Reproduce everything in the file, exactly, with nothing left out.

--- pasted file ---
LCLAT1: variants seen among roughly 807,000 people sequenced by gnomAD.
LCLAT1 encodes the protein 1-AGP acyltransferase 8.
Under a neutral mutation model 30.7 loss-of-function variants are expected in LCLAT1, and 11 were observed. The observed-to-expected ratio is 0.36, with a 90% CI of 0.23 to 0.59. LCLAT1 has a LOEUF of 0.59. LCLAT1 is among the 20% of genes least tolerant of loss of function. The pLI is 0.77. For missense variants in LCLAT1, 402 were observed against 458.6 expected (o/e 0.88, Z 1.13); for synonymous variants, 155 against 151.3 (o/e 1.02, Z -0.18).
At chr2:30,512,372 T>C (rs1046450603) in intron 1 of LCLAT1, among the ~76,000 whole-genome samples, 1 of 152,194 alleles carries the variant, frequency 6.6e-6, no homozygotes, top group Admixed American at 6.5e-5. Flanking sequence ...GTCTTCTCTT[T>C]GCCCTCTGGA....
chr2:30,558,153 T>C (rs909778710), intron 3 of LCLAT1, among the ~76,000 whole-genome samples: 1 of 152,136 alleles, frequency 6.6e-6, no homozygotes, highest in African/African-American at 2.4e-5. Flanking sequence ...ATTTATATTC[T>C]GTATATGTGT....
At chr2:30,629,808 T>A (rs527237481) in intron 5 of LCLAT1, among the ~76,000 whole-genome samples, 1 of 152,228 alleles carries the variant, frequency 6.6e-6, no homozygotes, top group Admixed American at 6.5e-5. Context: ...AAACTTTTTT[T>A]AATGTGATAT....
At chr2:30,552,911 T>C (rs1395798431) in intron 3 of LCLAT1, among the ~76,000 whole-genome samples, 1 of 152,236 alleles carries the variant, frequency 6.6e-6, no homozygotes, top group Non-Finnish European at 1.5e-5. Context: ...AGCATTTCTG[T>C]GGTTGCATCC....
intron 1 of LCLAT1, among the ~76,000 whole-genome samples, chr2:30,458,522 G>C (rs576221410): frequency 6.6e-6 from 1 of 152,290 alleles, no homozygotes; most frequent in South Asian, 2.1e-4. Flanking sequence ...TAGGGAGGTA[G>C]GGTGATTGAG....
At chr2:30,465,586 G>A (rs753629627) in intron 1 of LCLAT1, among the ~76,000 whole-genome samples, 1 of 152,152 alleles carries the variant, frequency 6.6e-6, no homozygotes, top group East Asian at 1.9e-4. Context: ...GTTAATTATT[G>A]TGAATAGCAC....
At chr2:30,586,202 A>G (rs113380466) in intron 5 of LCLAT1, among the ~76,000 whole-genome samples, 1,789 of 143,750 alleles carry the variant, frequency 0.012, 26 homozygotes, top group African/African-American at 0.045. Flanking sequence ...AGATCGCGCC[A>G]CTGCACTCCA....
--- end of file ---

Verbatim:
LCLAT1: variants seen among roughly 807,000 people sequenced by gnomAD.
LCLAT1 encodes the protein 1-AGP acyltransferase 8.
Under a neutral mutation model 30.7 loss-of-function variants are expected in LCLAT1, and 11 were observed. The observed-to-expected ratio is 0.36, with a 90% CI of 0.23 to 0.59. LCLAT1 has a LOEUF of 0.59. LCLAT1 is among the 20% of genes least tolerant of loss of function. The pLI is 0.77. For missense variants in LCLAT1, 402 were observed against 458.6 expected (o/e 0.88, Z 1.13); for synonymous variants, 155 against 151.3 (o/e 1.02, Z -0.18).
At chr2:30,512,372 T>C (rs1046450603) in intron 1 of LCLAT1, among the ~76,000 whole-genome samples, 1 of 152,194 alleles carries the variant, frequency 6.6e-6, no homozygotes, top group Admixed American at 6.5e-5. Flanking sequence ...GTCTTCTCTT[T>C]GCCCTCTGGA....
chr2:30,558,153 T>C (rs909778710), intron 3 of LCLAT1, among the ~76,000 whole-genome samples: 1 of 152,136 alleles, frequency 6.6e-6, no homozygotes, highest in African/African-American at 2.4e-5. Flanking sequence ...ATTTATATTC[T>C]GTATATGTGT....
At chr2:30,629,808 T>A (rs527237481) in intron 5 of LCLAT1, among the ~76,000 whole-genome samples, 1 of 152,228 alleles carries the variant, frequency 6.6e-6, no homozygotes, top group Admixed American at 6.5e-5. Context: ...AAACTTTTTT[T>A]AATGTGATAT....
At chr2:30,552,911 T>C (rs1395798431) in intron 3 of LCLAT1, among the ~76,000 whole-genome samples, 1 of 152,236 alleles carries the variant, frequency 6.6e-6, no homozygotes, top group Non-Finnish European at 1.5e-5. Context: ...AGCATTTCTG[T>C]GGTTGCATCC....
intron 1 of LCLAT1, among the ~76,000 whole-genome samples, chr2:30,458,522 G>C (rs576221410): frequency 6.6e-6 from 1 of 152,290 alleles, no homozygotes; most frequent in South Asian, 2.1e-4. Flanking sequence ...TAGGGAGGTA[G>C]GGTGATTGAG....
At chr2:30,465,586 G>A (rs753629627) in intron 1 of LCLAT1, among the ~76,000 whole-genome samples, 1 of 152,152 alleles carries the variant, frequency 6.6e-6, no homozygotes, top group East Asian at 1.9e-4. Context: ...GTTAATTATT[G>A]TGAATAGCAC....
At chr2:30,586,202 A>G (rs113380466) in intron 5 of LCLAT1, among the ~76,000 whole-genome samples, 1,789 of 143,750 alleles carry the variant, frequency 0.012, 26 homozygotes, top group African/African-American at 0.045. Flanking sequence ...AGATCGCGCC[A>G]CTGCACTCCA....